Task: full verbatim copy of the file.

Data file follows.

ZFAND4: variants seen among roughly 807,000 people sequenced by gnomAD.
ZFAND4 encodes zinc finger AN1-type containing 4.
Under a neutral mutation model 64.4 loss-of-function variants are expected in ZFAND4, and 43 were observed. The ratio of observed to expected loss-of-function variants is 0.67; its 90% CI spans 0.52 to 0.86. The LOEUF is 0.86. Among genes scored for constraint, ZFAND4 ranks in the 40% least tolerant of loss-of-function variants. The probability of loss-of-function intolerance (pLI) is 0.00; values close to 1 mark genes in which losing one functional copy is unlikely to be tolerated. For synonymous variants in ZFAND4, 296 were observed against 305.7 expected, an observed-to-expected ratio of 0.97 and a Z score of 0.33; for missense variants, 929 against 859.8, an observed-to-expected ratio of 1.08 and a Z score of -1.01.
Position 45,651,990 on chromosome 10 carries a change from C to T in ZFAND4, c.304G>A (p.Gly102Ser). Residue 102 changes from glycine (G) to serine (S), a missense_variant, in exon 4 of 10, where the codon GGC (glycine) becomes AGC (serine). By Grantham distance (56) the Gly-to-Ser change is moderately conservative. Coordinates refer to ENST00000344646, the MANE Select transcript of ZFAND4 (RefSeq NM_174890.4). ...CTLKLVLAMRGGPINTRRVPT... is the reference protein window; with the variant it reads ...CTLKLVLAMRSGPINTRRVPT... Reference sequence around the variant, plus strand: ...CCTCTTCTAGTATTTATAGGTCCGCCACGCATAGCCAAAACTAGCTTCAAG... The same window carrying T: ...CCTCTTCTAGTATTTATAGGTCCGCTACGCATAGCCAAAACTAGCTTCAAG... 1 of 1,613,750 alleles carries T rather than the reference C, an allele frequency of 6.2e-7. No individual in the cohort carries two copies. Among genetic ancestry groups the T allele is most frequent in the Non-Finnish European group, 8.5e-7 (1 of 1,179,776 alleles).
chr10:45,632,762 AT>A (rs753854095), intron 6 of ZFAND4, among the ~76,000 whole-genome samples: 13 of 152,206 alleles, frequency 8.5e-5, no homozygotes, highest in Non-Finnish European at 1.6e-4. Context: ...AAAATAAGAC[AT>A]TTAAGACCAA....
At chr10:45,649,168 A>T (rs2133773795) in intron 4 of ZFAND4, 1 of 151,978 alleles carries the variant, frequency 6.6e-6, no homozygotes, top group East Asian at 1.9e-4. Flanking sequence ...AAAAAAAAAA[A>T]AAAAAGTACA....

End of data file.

ZFAND4: variants seen among roughly 807,000 people sequenced by gnomAD.
ZFAND4 encodes zinc finger AN1-type containing 4.
Under a neutral mutation model 64.4 loss-of-function variants are expected in ZFAND4, and 43 were observed. The ratio of observed to expected loss-of-function variants is 0.67; its 90% CI spans 0.52 to 0.86. The LOEUF is 0.86. Among genes scored for constraint, ZFAND4 ranks in the 40% least tolerant of loss-of-function variants. The probability of loss-of-function intolerance (pLI) is 0.00; values close to 1 mark genes in which losing one functional copy is unlikely to be tolerated. For synonymous variants in ZFAND4, 296 were observed against 305.7 expected, an observed-to-expected ratio of 0.97 and a Z score of 0.33; for missense variants, 929 against 859.8, an observed-to-expected ratio of 1.08 and a Z score of -1.01.
Position 45,651,990 on chromosome 10 carries a change from C to T in ZFAND4, c.304G>A (p.Gly102Ser). Residue 102 changes from glycine (G) to serine (S), a missense_variant, in exon 4 of 10, where the codon GGC (glycine) becomes AGC (serine). By Grantham distance (56) the Gly-to-Ser change is moderately conservative. Coordinates refer to ENST00000344646, the MANE Select transcript of ZFAND4 (RefSeq NM_174890.4). ...CTLKLVLAMRGGPINTRRVPT... is the reference protein window; with the variant it reads ...CTLKLVLAMRSGPINTRRVPT... Reference sequence around the variant, plus strand: ...CCTCTTCTAGTATTTATAGGTCCGCCACGCATAGCCAAAACTAGCTTCAAG... The same window carrying T: ...CCTCTTCTAGTATTTATAGGTCCGCTACGCATAGCCAAAACTAGCTTCAAG... 1 of 1,613,750 alleles carries T rather than the reference C, an allele frequency of 6.2e-7. No individual in the cohort carries two copies. Among genetic ancestry groups the T allele is most frequent in the Non-Finnish European group, 8.5e-7 (1 of 1,179,776 alleles).
chr10:45,632,762 AT>A (rs753854095), intron 6 of ZFAND4, among the ~76,000 whole-genome samples: 13 of 152,206 alleles, frequency 8.5e-5, no homozygotes, highest in Non-Finnish European at 1.6e-4. Context: ...AAAATAAGAC[AT>A]TTAAGACCAA....
At chr10:45,649,168 A>T (rs2133773795) in intron 4 of ZFAND4, 1 of 151,978 alleles carries the variant, frequency 6.6e-6, no homozygotes, top group East Asian at 1.9e-4. Flanking sequence ...AAAAAAAAAA[A>T]AAAAAGTACA....